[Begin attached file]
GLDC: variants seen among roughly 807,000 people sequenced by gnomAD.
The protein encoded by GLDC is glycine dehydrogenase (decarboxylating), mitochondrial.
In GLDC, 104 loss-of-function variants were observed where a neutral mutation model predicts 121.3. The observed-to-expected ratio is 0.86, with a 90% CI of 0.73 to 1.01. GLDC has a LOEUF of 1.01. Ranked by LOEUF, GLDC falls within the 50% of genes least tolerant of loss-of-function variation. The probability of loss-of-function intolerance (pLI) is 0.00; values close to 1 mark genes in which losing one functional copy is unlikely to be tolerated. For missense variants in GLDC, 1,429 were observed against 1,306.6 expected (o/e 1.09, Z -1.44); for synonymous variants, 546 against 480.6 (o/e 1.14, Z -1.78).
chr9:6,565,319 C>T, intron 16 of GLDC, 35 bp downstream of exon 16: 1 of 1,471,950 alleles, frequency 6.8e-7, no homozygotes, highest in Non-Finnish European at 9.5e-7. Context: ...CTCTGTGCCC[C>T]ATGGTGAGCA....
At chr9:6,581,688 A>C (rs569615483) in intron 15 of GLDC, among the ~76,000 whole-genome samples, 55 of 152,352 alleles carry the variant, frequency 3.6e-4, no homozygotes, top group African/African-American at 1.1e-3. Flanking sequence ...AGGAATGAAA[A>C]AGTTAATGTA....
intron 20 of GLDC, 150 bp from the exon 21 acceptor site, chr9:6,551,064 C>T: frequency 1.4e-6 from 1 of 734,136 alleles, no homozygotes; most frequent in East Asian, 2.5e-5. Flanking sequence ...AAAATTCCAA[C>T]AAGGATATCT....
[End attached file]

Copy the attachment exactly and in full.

GLDC: variants seen among roughly 807,000 people sequenced by gnomAD.
The protein encoded by GLDC is glycine dehydrogenase (decarboxylating), mitochondrial.
In GLDC, 104 loss-of-function variants were observed where a neutral mutation model predicts 121.3. The observed-to-expected ratio is 0.86, with a 90% CI of 0.73 to 1.01. GLDC has a LOEUF of 1.01. Ranked by LOEUF, GLDC falls within the 50% of genes least tolerant of loss-of-function variation. The probability of loss-of-function intolerance (pLI) is 0.00; values close to 1 mark genes in which losing one functional copy is unlikely to be tolerated. For missense variants in GLDC, 1,429 were observed against 1,306.6 expected (o/e 1.09, Z -1.44); for synonymous variants, 546 against 480.6 (o/e 1.14, Z -1.78).
chr9:6,565,319 C>T, intron 16 of GLDC, 35 bp downstream of exon 16: 1 of 1,471,950 alleles, frequency 6.8e-7, no homozygotes, highest in Non-Finnish European at 9.5e-7. Context: ...CTCTGTGCCC[C>T]ATGGTGAGCA....
At chr9:6,581,688 A>C (rs569615483) in intron 15 of GLDC, among the ~76,000 whole-genome samples, 55 of 152,352 alleles carry the variant, frequency 3.6e-4, no homozygotes, top group African/African-American at 1.1e-3. Flanking sequence ...AGGAATGAAA[A>C]AGTTAATGTA....
intron 20 of GLDC, 150 bp from the exon 21 acceptor site, chr9:6,551,064 C>T: frequency 1.4e-6 from 1 of 734,136 alleles, no homozygotes; most frequent in East Asian, 2.5e-5. Flanking sequence ...AAAATTCCAA[C>T]AAGGATATCT....